Prevalence and Predictors of Women's Experience of Psychological Trauma During Childbirth

Authors

  • Johanna E. Soet MA,

    1. Johanna Soet and Colleen DiIorio are in the Department of Behavioral Sciences and Health Education, Rollins School of Public Health, Emory University; and
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  • Gregory A. Brack PhD,

    1. Gregory A. Brack is in the Department of Counseling and Psychological Services, College of Education, Georgia State University, Atlanta, Georgia.
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  • Colleen DiIorio PhD

    1. Johanna Soet and Colleen DiIorio are in the Department of Behavioral Sciences and Health Education, Rollins School of Public Health, Emory University; and
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Address correspondence to Johanna Soet, Senior Associate Faculty, Rollins School of Public Health, Emory University, 1520 Clifton Road, N.E., Atlanta, GA 30322.

Abstract

ABSTRACT: Background: The increased acceptance of the prevalence of trauma in human experience as well as its psychological consequences has led to revisions of diagnostic criteria for the disorder. The three purposes of this study were to examine the rates at which women experienced psychological trauma in childbirth, to explore possible causal factors, and to examine possible factors in the development of the disorder.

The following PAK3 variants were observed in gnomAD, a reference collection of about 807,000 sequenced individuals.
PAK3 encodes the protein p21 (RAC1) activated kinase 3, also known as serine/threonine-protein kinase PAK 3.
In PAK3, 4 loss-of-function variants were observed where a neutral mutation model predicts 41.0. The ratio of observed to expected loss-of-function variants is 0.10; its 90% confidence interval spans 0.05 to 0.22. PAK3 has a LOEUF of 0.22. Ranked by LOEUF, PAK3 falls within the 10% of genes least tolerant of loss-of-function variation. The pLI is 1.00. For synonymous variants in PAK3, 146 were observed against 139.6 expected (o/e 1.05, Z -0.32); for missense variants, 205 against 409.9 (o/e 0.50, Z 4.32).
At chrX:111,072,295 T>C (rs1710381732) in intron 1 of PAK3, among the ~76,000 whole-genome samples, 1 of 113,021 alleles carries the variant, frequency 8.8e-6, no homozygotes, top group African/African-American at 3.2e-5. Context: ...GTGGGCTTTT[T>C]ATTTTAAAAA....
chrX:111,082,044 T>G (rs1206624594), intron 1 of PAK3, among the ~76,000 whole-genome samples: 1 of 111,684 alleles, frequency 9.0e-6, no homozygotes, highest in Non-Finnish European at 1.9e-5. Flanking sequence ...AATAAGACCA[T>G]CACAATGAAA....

Methods: One hundred and three women from childbirth education classes in the Atlanta metropolitan area completed a survey in late pregnancy and a follow-up interview approximately 4 weeks after the birth.

Results: The childbirth experience was reported as traumatic by 34 percent of participants. Two women (1.9%) developed all the symptoms needed to diagnose posttraumatic stress disorder, and 31 women (30.1%) were partially symptomatic. Regression analysis showed that antecedent factors (e.g., history of sexual trauma and social support) and event characteristics (e.g., pain in first stage of labor, feelings of powerlessness, expectations, medical intervention, and interaction with medical personnel) were significant predictors of perceptions of the childbirth as traumatic. The pain experienced during the birth, levels of social support, self-efficacy, internal locus of control, trait anxiety, and coping were significant predictors of the development of posttraumatic stress disorder symptoms after the birth.

Conclusions: These findings suggest several intervention points for health care practitioners, including careful prenatal screening of past trauma history, social support, and expectations about the birth; improved communication and pain management during the birth; and opportunities to discuss the birth postpartum. (BIRTH 30:1 March 2003)

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